What's the Difference? White, Yellow, and Red Miso

More and more of us are discovering what a fantastic ingredient concentrated miso paste can be in our daily cooking - and not just for soup! Happily, many major stores have caught on and are starting to carry a variety of traditional misos to choose from. The real question is: how to choose? Read on...

To be completely honest with you, we found a lot of conflicting information about the different types of miso and how they're actually different. Below is a summary of what we understand about the most common types of miso now found on the market in the United States - but if you're a miso expert, please chime in and educate us!

White Miso: This miso is made from soybeans that have been fermented with a large percentage of rice. The actual resulting color can range from white to light beige, and the miso has a definite sweet taste. It's best used in condiments like mayo or salad dressings, or in light sauces.

Yellow Miso: Yellow miso is usually made from soybeans that have been fermented with barley and sometimes a small percentage of rice. It can be yellow to light brown in color. This miso has a mild, earthy flavor and is better for general use in not only condiments, but soup, marinades, and glazes.

Red Miso: This is also typically made from soybeans fermented with barley or other grains, though with a higher percentage of soybeans and/or a longer fermentation period. It can range in color from red to dark brown. The deep umami flavor of red miso can overwhelm mild dishes, but is perfect for hearty soups, braises, and glazes.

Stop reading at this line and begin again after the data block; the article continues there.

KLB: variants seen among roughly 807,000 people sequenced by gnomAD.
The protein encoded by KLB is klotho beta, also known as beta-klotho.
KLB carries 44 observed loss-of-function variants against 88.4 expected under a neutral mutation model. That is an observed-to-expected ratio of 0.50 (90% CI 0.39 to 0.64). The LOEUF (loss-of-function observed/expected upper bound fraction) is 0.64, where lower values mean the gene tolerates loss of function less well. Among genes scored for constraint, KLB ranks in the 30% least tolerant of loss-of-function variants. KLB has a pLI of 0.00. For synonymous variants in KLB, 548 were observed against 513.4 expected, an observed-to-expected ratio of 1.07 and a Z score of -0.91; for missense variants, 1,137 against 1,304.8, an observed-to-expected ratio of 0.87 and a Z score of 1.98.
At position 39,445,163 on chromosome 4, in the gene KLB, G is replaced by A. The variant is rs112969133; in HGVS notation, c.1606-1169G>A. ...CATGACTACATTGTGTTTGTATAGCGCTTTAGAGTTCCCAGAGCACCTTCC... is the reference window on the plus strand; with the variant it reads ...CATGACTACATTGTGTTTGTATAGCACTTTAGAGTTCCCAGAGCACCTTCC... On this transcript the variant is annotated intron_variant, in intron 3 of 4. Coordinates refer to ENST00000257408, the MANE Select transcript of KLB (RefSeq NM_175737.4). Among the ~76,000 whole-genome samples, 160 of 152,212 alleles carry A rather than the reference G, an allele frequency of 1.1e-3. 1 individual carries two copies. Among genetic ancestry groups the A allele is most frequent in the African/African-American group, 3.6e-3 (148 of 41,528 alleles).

Black Miso: Our information on black miso isn't entirely clear. Some sources say this paste is made entirely from soybeans, others say that it's made from soybeans fermented with hearty dark grains like buckwheat. Regardless, this sounds like the strongest flavored miso around (the descriptions remind us a bit of marmite!).

The depth of color with any particular miso can also tell you something about it's flavor. Generally speaking, the darker the color, the longer it's been fermented and the stronger it will taste. Both yellow and red misos can sometimes be labeled "barley miso," so check the actual color of the paste for an indication of how mild or strong it is.

What kind of miso do you generally cook with?

Related: Recipe Review: Green Beans with Walnut Miso Sauce

(Image: Flickr member adactio licensed under Creative Commons)